For an OnlyFans creator, the equivalent would be a piece of exclusive content filmed for a subscriber request.

Write-offs for niche marketing

Regularly posting photos and videos to your page is a necessary part of growing and maintaining your follower base. Anything you spend on making this content is considered marketing

If you work a particular angle on your platform — bartending, fitness, makeup, chess, ASMR, etc. — maintaining or showcasing those skills give you unique write-off opportunities. Let’s look at some examples: 

Foodie
You have a food channel and regularly post content about your must-try recipes, baking adventures, or go-to snacks.

What you can write off: 

  • 🧂 Ingredients you use when filming content
  • 📖 Recipe books, food magazines, and culinary podcasts

What you can’t write off:

  • Your personal groceries
  • Your personal kitchenware 

Fashionista 

You’re a fashion reviewer, regularly posting pictures or videos modeling your favorite trends. 

What you can write off:

  • 👀 Clothing racks to display your items
  • 📦 Shipping or transportation costs to acquire the clothes
  • 👗 Clothes you intend to resell or are being paid to model

What you can’t write off:

  • Clothes you intend to keep for personal use
  • Hair products and makeup 

Cosplay queen
You are a history buff, and regularly post videos discussing military stratagems. You frequently share photos in cosplay attire, such as Viking warrior or samurai. 

What you can write off

  • 📚 Research costs like books, podcasts, and war movie rentals 
  • 🎭 Costume and costume accessories, including tailoring and wigs
  • 📜 Video editing and scripting costs

What you can’t write off

  • Your personal costumes
  • Street clothes — even if it appears in your posted content

Fitness babe

You post inspirational content featuring your workout routines, and share your favorite yoga poses and stretches. 

What you can write off: 

  • 🧘‍♀️ Yoga mat and blocks
  • 📘 Educational materials, like magazines or podcasts

What can’t you write off:

  •  Workout clothes 
  •  Supplements
  •  Gym or personal trainers

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What expenses can’t you deduct?

Like I mentioned earlier, just because something is good for your business doesn’t automatically mean it’s a write-off.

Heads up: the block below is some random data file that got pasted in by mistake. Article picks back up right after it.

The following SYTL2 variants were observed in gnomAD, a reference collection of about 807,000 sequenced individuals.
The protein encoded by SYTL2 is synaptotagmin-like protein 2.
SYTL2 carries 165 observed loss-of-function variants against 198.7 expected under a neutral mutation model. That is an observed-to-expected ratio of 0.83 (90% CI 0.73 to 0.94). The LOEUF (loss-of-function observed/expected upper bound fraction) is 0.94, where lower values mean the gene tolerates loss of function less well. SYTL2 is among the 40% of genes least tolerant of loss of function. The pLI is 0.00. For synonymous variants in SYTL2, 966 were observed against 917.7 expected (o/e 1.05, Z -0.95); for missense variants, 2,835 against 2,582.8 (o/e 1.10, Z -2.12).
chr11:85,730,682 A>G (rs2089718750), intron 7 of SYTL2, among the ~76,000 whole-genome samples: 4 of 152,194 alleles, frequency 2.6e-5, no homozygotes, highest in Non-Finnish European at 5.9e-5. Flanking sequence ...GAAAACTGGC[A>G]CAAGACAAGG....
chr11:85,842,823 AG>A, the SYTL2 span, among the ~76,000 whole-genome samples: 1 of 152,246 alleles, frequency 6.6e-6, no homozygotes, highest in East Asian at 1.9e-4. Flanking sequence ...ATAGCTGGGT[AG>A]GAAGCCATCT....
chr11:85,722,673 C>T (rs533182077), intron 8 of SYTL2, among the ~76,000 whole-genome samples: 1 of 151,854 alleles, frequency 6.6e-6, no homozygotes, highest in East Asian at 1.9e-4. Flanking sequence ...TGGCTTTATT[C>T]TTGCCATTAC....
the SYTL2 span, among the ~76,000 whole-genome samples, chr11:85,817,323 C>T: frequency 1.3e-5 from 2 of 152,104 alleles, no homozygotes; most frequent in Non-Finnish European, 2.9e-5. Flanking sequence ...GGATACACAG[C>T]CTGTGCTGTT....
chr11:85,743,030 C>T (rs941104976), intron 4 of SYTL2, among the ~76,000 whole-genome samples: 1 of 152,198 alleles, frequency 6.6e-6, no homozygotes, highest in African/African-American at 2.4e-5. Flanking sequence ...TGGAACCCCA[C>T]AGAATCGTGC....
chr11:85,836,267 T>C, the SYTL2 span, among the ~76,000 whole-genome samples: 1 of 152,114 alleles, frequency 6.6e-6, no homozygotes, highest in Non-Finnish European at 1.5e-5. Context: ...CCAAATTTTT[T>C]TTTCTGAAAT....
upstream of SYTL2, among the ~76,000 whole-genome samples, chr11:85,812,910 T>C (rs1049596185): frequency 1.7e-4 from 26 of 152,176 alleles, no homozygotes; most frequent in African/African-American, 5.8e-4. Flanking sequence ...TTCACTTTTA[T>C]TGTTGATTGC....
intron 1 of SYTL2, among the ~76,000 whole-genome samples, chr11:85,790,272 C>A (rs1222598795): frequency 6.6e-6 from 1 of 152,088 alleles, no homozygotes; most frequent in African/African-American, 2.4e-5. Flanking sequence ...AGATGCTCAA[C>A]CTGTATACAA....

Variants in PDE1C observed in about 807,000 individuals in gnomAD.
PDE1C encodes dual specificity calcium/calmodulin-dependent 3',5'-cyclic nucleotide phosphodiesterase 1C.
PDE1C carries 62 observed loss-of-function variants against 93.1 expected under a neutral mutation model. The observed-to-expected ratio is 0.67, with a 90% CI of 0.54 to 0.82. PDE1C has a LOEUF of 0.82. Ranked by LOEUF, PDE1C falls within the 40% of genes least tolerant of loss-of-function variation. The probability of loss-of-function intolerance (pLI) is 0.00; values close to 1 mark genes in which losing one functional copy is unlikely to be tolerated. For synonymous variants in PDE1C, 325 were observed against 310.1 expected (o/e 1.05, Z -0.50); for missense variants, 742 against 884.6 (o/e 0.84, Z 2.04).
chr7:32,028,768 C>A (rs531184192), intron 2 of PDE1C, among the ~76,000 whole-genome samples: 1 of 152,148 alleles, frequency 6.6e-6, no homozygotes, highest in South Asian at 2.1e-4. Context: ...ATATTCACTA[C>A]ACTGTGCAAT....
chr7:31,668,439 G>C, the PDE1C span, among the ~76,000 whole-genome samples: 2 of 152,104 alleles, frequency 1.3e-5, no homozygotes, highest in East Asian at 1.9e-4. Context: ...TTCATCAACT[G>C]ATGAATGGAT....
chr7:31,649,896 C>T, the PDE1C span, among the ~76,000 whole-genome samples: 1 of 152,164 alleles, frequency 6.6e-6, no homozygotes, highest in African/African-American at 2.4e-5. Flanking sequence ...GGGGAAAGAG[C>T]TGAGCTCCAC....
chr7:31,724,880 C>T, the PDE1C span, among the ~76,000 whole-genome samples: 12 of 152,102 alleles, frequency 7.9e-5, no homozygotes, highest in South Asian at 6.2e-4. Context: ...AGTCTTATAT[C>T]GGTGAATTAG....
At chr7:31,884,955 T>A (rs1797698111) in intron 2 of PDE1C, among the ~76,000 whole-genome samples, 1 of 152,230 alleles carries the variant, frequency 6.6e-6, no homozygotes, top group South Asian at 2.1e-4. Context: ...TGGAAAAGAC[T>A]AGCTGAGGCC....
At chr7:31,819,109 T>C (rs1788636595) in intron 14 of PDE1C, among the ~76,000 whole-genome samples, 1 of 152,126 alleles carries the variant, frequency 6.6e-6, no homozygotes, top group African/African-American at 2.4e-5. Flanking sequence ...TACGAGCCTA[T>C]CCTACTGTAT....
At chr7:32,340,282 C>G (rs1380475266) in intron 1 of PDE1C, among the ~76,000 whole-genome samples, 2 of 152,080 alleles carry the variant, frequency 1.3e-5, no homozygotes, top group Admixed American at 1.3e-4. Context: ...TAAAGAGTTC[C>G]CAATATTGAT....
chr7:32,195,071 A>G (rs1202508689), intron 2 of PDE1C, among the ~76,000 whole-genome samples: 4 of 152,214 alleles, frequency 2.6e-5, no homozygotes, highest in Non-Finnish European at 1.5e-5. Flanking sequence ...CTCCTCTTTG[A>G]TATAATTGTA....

There are a few expenses that are considered strictly personal, and can’t be written off. They are: 

  • Tanning services
  • Hair removal services
  • Haircuts and styling 
  • Makeup 
  • Personal trainers
  • Clothing
  • Gym memberships
  • Supplements
  • Nail care
  • Teeth whitening or dental work
  • Botox or lip fillers
  • Skincare products
  • Facials
  • Tattoos
  • Breast implants

All of these items are considered “personal expenses,” because you get to enjoy them off the clock too. 

Exceptions to the rule

Every good rule has exceptions. Here are some ways to workaround the limits above: 

Paid promotion

If you’re being paid to test, model, or review a product or service mentioned on the list above, write it off. 

Paid modeling

If you’re being paid to model in an official shoot, pre-shoot prep can be deducted. Things like:

Separate makeup stash

It’s possible to write off makeup if you keep a work-only collection separate from your personal stash.

Work makeup means what you wear while producing exclusive content or doing paid photoshoots. What you wore to your birthday party doesn’t count — even if you uploaded a pic to your OnlyFans later. 

Now that you know about legitimate workarounds, let’s debunk a few myths about tax write-offs that always get shared around.

The cosmetic surgery myth

You’ve probably seen a headlines that say something like, “Adult entertainers can write off boob jobs!” They’ll then reference a famous case, Hess v. Commissioner, in which the tax court let a taxpayer write off her breast implants because she was an exotic dancer.

This is where most soundbite tax advisors stop reading. The actual details of the case need more parsing out.

Why not all implants are write-offs for adult entertainers

Hess’s operation was so extreme — her breast size increased to 56N and weighed over 20 pounds — it led to a series of bacterial infections and other severe medical complications.

However, it also increased her profits and the number of gigs she booked. Hess had the operation reversed as soon as she left show business. The tax court concluded that these circumstances made it a work-only surgery: she got no benefit from it in her personal life.

Bottom line: Implants are not deductible unless you derive little-to-know personal benefit and can prove it directly increases profits. 

The personal brand myth

There’s no denying that a personal brand is a key ingredient in building a successful platform on OnlyFans. If done right, it can be a way to write off ordinarily nondeductible things like clothing.

However, it’s not license to write off literally anything that makes an appearance in your content.

What is a personal brand?
A personal brand is your reputation or public persona based on your experiences, expertise, or achievements. Branding is a way of differentiating yourself and increasing your circle of influence.

For something to be incorporated into your brand, it must be: 

  • Distinctive: It sets you apart from your competition or makes your platform unique
  • Recurring: It’s used regularly and consistently as a hallmark of your brand
  • Strategically aligned: It’s consistent with your overall persona and market objectives
  • Exclusive: It belongs to your business

A personal brand in action
Example: Mike Morgan, beloved Oklahoma City weather anchor, wore bedazzled ties to indicate tornado warnings to viewers: